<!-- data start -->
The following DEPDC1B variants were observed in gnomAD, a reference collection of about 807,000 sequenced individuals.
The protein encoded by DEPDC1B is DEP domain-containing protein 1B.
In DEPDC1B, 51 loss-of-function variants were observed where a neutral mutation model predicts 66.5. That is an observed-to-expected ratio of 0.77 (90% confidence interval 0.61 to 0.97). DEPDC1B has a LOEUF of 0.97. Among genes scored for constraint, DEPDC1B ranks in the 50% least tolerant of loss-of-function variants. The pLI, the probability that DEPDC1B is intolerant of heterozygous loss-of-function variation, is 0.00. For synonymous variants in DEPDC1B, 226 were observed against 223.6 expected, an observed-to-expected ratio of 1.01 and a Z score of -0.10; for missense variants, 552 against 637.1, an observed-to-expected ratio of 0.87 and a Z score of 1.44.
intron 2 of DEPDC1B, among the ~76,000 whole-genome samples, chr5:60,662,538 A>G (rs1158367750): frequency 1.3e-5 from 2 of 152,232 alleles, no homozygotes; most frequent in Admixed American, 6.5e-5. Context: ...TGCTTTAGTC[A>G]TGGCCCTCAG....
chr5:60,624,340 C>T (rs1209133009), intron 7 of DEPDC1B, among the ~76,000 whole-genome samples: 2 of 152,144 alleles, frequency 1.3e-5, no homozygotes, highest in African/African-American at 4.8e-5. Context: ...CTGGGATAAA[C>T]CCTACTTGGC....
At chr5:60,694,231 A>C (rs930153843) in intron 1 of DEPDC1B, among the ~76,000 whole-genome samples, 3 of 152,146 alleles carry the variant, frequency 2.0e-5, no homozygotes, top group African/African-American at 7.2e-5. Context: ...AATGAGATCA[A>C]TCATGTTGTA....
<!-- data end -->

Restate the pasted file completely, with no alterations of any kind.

The following DEPDC1B variants were observed in gnomAD, a reference collection of about 807,000 sequenced individuals.
The protein encoded by DEPDC1B is DEP domain-containing protein 1B.
In DEPDC1B, 51 loss-of-function variants were observed where a neutral mutation model predicts 66.5. That is an observed-to-expected ratio of 0.77 (90% confidence interval 0.61 to 0.97). DEPDC1B has a LOEUF of 0.97. Among genes scored for constraint, DEPDC1B ranks in the 50% least tolerant of loss-of-function variants. The pLI, the probability that DEPDC1B is intolerant of heterozygous loss-of-function variation, is 0.00. For synonymous variants in DEPDC1B, 226 were observed against 223.6 expected, an observed-to-expected ratio of 1.01 and a Z score of -0.10; for missense variants, 552 against 637.1, an observed-to-expected ratio of 0.87 and a Z score of 1.44.
intron 2 of DEPDC1B, among the ~76,000 whole-genome samples, chr5:60,662,538 A>G (rs1158367750): frequency 1.3e-5 from 2 of 152,232 alleles, no homozygotes; most frequent in Admixed American, 6.5e-5. Context: ...TGCTTTAGTC[A>G]TGGCCCTCAG....
chr5:60,624,340 C>T (rs1209133009), intron 7 of DEPDC1B, among the ~76,000 whole-genome samples: 2 of 152,144 alleles, frequency 1.3e-5, no homozygotes, highest in African/African-American at 4.8e-5. Context: ...CTGGGATAAA[C>T]CCTACTTGGC....
At chr5:60,694,231 A>C (rs930153843) in intron 1 of DEPDC1B, among the ~76,000 whole-genome samples, 3 of 152,146 alleles carry the variant, frequency 2.0e-5, no homozygotes, top group African/African-American at 7.2e-5. Context: ...AATGAGATCA[A>C]TCATGTTGTA....